But most environmentalists hate fracking. Instead, they have placed their bets on other horses — many of which have come up lame (see: Solyndra, Evergreen Solar, A123 Systems, et al.). And even green-energy pursuits insulated from market forces pack a remarkably weak punch. The Navy has just built a 10-acre solar panel field at its Norfolk Naval Station, at a cost of $21 million in Obama stimulus money. It can power all of 200 homes — a mere 2 percent of the naval station’s power needs. An audit says the money saved on utility bills will recoup the project’s costs in roughly 447 years (not a typo).

    1. Fracked natural gas is only green by comparison to coal, and is growing quickly in any case. Nuclear has gotten lots of Obama support, and is still going nowhere due to cost.

      Solar and wind aren’t cost-competitive now, but they have gotten much closer. It makes sense to invest in research into cheaper solar and wind, along with energy storage and a smarter, more resilient grid.

      1. Same problems, regardless of cost. Solar and wind take up a lot of area, require a lot of infrastructure (the power lines to bring distributed power to their destinations), require back-up fossil-fuel plants which still need maintenance and still need to be powered up several times a month to make sure they still work. Maybe there’s a cost point at which solar or wind begin to make economic sense, but it’s a lot harder target than most people think.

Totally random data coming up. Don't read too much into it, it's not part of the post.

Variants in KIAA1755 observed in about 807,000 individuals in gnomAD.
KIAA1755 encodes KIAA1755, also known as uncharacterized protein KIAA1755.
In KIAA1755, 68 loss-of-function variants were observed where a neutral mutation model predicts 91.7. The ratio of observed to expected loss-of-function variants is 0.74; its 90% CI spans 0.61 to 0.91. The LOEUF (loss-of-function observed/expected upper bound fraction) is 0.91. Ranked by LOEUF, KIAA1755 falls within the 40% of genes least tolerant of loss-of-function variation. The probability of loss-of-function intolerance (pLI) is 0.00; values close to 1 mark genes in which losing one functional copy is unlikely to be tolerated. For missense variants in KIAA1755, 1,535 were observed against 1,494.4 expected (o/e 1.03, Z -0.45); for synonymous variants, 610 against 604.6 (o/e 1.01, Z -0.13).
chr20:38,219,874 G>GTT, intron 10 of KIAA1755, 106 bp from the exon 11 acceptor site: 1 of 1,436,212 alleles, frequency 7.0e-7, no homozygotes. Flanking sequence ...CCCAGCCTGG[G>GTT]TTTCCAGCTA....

2. Fracked natural gas is only green by comparison to coal

        And that turns out to be good enough. I’m not expecting to see decades of CO2 decline from this. But it is interesting how quickly it happened. And coal isn’t particularly non-green these days due to scrubbers and such.

        It makes sense to invest in research into cheaper solar and wind, along with energy storage and a smarter, more resilient grid.